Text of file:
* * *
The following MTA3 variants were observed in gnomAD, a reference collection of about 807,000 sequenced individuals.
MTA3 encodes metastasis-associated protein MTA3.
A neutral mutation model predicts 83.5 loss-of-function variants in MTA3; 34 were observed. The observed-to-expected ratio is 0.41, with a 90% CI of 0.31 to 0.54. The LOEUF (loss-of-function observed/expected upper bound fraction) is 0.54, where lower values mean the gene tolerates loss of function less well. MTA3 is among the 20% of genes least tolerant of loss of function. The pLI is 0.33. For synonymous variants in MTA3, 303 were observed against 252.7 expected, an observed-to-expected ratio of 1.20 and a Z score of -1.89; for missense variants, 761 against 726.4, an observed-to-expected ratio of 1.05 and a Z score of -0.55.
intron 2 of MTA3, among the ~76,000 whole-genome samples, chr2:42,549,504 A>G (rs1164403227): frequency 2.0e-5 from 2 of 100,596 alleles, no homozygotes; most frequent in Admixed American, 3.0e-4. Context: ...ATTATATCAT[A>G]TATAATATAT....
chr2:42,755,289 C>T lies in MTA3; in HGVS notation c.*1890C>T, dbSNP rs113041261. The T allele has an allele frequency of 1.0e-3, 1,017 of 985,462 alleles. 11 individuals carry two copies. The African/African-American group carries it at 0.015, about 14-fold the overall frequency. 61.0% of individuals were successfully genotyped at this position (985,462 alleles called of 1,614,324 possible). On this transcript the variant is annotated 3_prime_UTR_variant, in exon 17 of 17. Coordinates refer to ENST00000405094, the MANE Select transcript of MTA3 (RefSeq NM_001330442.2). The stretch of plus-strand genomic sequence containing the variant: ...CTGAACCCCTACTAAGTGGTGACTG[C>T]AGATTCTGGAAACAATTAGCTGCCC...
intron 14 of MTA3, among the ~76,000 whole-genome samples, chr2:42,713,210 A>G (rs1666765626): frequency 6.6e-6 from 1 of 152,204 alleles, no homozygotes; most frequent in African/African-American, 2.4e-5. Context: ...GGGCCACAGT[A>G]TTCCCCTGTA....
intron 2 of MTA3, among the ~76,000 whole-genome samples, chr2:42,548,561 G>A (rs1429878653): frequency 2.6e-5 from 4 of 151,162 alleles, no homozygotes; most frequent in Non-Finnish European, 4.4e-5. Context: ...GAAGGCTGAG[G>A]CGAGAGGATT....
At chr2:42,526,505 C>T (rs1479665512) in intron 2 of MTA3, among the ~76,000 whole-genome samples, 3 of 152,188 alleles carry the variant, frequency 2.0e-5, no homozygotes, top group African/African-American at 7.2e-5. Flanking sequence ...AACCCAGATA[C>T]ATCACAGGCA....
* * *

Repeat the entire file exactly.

The following MTA3 variants were observed in gnomAD, a reference collection of about 807,000 sequenced individuals.
MTA3 encodes metastasis-associated protein MTA3.
A neutral mutation model predicts 83.5 loss-of-function variants in MTA3; 34 were observed. The observed-to-expected ratio is 0.41, with a 90% CI of 0.31 to 0.54. The LOEUF (loss-of-function observed/expected upper bound fraction) is 0.54, where lower values mean the gene tolerates loss of function less well. MTA3 is among the 20% of genes least tolerant of loss of function. The pLI is 0.33. For synonymous variants in MTA3, 303 were observed against 252.7 expected, an observed-to-expected ratio of 1.20 and a Z score of -1.89; for missense variants, 761 against 726.4, an observed-to-expected ratio of 1.05 and a Z score of -0.55.
intron 2 of MTA3, among the ~76,000 whole-genome samples, chr2:42,549,504 A>G (rs1164403227): frequency 2.0e-5 from 2 of 100,596 alleles, no homozygotes; most frequent in Admixed American, 3.0e-4. Context: ...ATTATATCAT[A>G]TATAATATAT....
chr2:42,755,289 C>T lies in MTA3; in HGVS notation c.*1890C>T, dbSNP rs113041261. The T allele has an allele frequency of 1.0e-3, 1,017 of 985,462 alleles. 11 individuals carry two copies. The African/African-American group carries it at 0.015, about 14-fold the overall frequency. 61.0% of individuals were successfully genotyped at this position (985,462 alleles called of 1,614,324 possible). On this transcript the variant is annotated 3_prime_UTR_variant, in exon 17 of 17. Coordinates refer to ENST00000405094, the MANE Select transcript of MTA3 (RefSeq NM_001330442.2). The stretch of plus-strand genomic sequence containing the variant: ...CTGAACCCCTACTAAGTGGTGACTG[C>T]AGATTCTGGAAACAATTAGCTGCCC...
intron 14 of MTA3, among the ~76,000 whole-genome samples, chr2:42,713,210 A>G (rs1666765626): frequency 6.6e-6 from 1 of 152,204 alleles, no homozygotes; most frequent in African/African-American, 2.4e-5. Context: ...GGGCCACAGT[A>G]TTCCCCTGTA....
intron 2 of MTA3, among the ~76,000 whole-genome samples, chr2:42,548,561 G>A (rs1429878653): frequency 2.6e-5 from 4 of 151,162 alleles, no homozygotes; most frequent in Non-Finnish European, 4.4e-5. Context: ...GAAGGCTGAG[G>A]CGAGAGGATT....
At chr2:42,526,505 C>T (rs1479665512) in intron 2 of MTA3, among the ~76,000 whole-genome samples, 3 of 152,188 alleles carry the variant, frequency 2.0e-5, no homozygotes, top group African/African-American at 7.2e-5. Flanking sequence ...AACCCAGATA[C>T]ATCACAGGCA....